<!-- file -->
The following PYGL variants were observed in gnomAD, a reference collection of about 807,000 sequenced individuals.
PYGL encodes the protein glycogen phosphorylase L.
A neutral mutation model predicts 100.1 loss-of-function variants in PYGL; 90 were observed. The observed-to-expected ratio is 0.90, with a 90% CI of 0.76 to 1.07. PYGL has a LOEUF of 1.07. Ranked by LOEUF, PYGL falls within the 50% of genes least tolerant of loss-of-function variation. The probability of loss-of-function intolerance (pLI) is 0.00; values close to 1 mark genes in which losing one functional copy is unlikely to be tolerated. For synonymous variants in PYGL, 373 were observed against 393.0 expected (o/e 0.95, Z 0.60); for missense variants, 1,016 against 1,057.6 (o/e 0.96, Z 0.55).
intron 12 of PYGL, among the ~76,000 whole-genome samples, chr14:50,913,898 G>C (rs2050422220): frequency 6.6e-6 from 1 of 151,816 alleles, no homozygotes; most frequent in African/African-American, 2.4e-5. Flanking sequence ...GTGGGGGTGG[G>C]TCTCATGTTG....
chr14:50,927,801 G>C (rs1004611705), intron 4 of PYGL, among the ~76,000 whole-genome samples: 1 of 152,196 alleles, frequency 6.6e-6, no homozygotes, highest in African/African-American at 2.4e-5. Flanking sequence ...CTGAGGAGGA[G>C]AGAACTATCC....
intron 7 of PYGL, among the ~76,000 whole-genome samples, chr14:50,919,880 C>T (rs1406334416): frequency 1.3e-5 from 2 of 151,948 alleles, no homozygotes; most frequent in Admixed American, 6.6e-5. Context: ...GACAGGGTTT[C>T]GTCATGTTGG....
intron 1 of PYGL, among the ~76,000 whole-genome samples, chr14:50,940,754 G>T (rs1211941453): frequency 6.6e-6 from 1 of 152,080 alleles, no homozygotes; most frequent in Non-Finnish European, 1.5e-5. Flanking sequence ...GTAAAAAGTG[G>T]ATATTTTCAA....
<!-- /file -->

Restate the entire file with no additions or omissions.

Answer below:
The following PYGL variants were observed in gnomAD, a reference collection of about 807,000 sequenced individuals.
PYGL encodes the protein glycogen phosphorylase L.
A neutral mutation model predicts 100.1 loss-of-function variants in PYGL; 90 were observed. The observed-to-expected ratio is 0.90, with a 90% CI of 0.76 to 1.07. PYGL has a LOEUF of 1.07. Ranked by LOEUF, PYGL falls within the 50% of genes least tolerant of loss-of-function variation. The probability of loss-of-function intolerance (pLI) is 0.00; values close to 1 mark genes in which losing one functional copy is unlikely to be tolerated. For synonymous variants in PYGL, 373 were observed against 393.0 expected (o/e 0.95, Z 0.60); for missense variants, 1,016 against 1,057.6 (o/e 0.96, Z 0.55).
intron 12 of PYGL, among the ~76,000 whole-genome samples, chr14:50,913,898 G>C (rs2050422220): frequency 6.6e-6 from 1 of 151,816 alleles, no homozygotes; most frequent in African/African-American, 2.4e-5. Flanking sequence ...GTGGGGGTGG[G>C]TCTCATGTTG....
chr14:50,927,801 G>C (rs1004611705), intron 4 of PYGL, among the ~76,000 whole-genome samples: 1 of 152,196 alleles, frequency 6.6e-6, no homozygotes, highest in African/African-American at 2.4e-5. Flanking sequence ...CTGAGGAGGA[G>C]AGAACTATCC....
intron 7 of PYGL, among the ~76,000 whole-genome samples, chr14:50,919,880 C>T (rs1406334416): frequency 1.3e-5 from 2 of 151,948 alleles, no homozygotes; most frequent in Admixed American, 6.6e-5. Context: ...GACAGGGTTT[C>T]GTCATGTTGG....
intron 1 of PYGL, among the ~76,000 whole-genome samples, chr14:50,940,754 G>T (rs1211941453): frequency 6.6e-6 from 1 of 152,080 alleles, no homozygotes; most frequent in Non-Finnish European, 1.5e-5. Flanking sequence ...GTAAAAAGTG[G>T]ATATTTTCAA....